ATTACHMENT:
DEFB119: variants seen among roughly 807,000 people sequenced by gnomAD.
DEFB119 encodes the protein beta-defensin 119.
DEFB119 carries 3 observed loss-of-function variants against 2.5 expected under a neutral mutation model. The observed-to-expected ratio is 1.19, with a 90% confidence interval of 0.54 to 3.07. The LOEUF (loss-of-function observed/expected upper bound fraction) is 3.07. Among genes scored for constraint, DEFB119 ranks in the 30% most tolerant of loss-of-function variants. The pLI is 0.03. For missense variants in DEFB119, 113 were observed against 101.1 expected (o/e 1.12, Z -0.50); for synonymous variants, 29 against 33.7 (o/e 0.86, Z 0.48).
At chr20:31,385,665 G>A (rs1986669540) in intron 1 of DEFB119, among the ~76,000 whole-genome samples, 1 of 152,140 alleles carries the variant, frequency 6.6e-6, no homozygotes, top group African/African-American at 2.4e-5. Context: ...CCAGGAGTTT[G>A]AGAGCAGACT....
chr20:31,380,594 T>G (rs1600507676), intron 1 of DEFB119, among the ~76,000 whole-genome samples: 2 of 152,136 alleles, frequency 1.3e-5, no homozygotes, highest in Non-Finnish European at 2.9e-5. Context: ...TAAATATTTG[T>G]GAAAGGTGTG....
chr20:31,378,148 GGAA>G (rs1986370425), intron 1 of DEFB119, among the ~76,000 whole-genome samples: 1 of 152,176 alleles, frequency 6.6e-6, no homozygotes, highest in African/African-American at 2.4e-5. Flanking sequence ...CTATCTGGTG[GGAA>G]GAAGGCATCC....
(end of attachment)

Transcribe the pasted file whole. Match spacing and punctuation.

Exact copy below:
DEFB119: variants seen among roughly 807,000 people sequenced by gnomAD.
DEFB119 encodes the protein beta-defensin 119.
DEFB119 carries 3 observed loss-of-function variants against 2.5 expected under a neutral mutation model. The observed-to-expected ratio is 1.19, with a 90% confidence interval of 0.54 to 3.07. The LOEUF (loss-of-function observed/expected upper bound fraction) is 3.07. Among genes scored for constraint, DEFB119 ranks in the 30% most tolerant of loss-of-function variants. The pLI is 0.03. For missense variants in DEFB119, 113 were observed against 101.1 expected (o/e 1.12, Z -0.50); for synonymous variants, 29 against 33.7 (o/e 0.86, Z 0.48).
At chr20:31,385,665 G>A (rs1986669540) in intron 1 of DEFB119, among the ~76,000 whole-genome samples, 1 of 152,140 alleles carries the variant, frequency 6.6e-6, no homozygotes, top group African/African-American at 2.4e-5. Context: ...CCAGGAGTTT[G>A]AGAGCAGACT....
chr20:31,380,594 T>G (rs1600507676), intron 1 of DEFB119, among the ~76,000 whole-genome samples: 2 of 152,136 alleles, frequency 1.3e-5, no homozygotes, highest in Non-Finnish European at 2.9e-5. Context: ...TAAATATTTG[T>G]GAAAGGTGTG....
chr20:31,378,148 GGAA>G (rs1986370425), intron 1 of DEFB119, among the ~76,000 whole-genome samples: 1 of 152,176 alleles, frequency 6.6e-6, no homozygotes, highest in African/African-American at 2.4e-5. Flanking sequence ...CTATCTGGTG[GGAA>G]GAAGGCATCC....